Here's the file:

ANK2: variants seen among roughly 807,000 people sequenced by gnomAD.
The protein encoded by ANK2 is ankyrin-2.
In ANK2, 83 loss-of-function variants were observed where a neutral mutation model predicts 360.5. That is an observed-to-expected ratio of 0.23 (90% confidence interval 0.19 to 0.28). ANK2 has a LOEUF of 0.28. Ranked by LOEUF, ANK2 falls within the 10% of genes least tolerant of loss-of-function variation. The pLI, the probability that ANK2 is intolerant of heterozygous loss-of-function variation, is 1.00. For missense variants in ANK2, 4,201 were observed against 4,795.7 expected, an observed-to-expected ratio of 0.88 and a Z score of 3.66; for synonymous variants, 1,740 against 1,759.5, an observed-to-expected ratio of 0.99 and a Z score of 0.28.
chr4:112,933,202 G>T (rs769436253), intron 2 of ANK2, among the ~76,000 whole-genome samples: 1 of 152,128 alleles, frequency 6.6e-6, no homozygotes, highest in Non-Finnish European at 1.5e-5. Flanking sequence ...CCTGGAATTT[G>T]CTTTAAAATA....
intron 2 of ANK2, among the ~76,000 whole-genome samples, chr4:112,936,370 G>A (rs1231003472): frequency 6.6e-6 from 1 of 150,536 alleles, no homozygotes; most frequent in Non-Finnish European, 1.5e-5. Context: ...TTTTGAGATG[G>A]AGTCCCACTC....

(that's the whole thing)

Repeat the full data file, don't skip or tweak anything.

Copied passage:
ANK2: variants seen among roughly 807,000 people sequenced by gnomAD.
The protein encoded by ANK2 is ankyrin-2.
In ANK2, 83 loss-of-function variants were observed where a neutral mutation model predicts 360.5. That is an observed-to-expected ratio of 0.23 (90% confidence interval 0.19 to 0.28). ANK2 has a LOEUF of 0.28. Ranked by LOEUF, ANK2 falls within the 10% of genes least tolerant of loss-of-function variation. The pLI, the probability that ANK2 is intolerant of heterozygous loss-of-function variation, is 1.00. For missense variants in ANK2, 4,201 were observed against 4,795.7 expected, an observed-to-expected ratio of 0.88 and a Z score of 3.66; for synonymous variants, 1,740 against 1,759.5, an observed-to-expected ratio of 0.99 and a Z score of 0.28.
chr4:112,933,202 G>T (rs769436253), intron 2 of ANK2, among the ~76,000 whole-genome samples: 1 of 152,128 alleles, frequency 6.6e-6, no homozygotes, highest in Non-Finnish European at 1.5e-5. Flanking sequence ...CCTGGAATTT[G>T]CTTTAAAATA....
intron 2 of ANK2, among the ~76,000 whole-genome samples, chr4:112,936,370 G>A (rs1231003472): frequency 6.6e-6 from 1 of 150,536 alleles, no homozygotes; most frequent in Non-Finnish European, 1.5e-5. Context: ...TTTTGAGATG[G>A]AGTCCCACTC....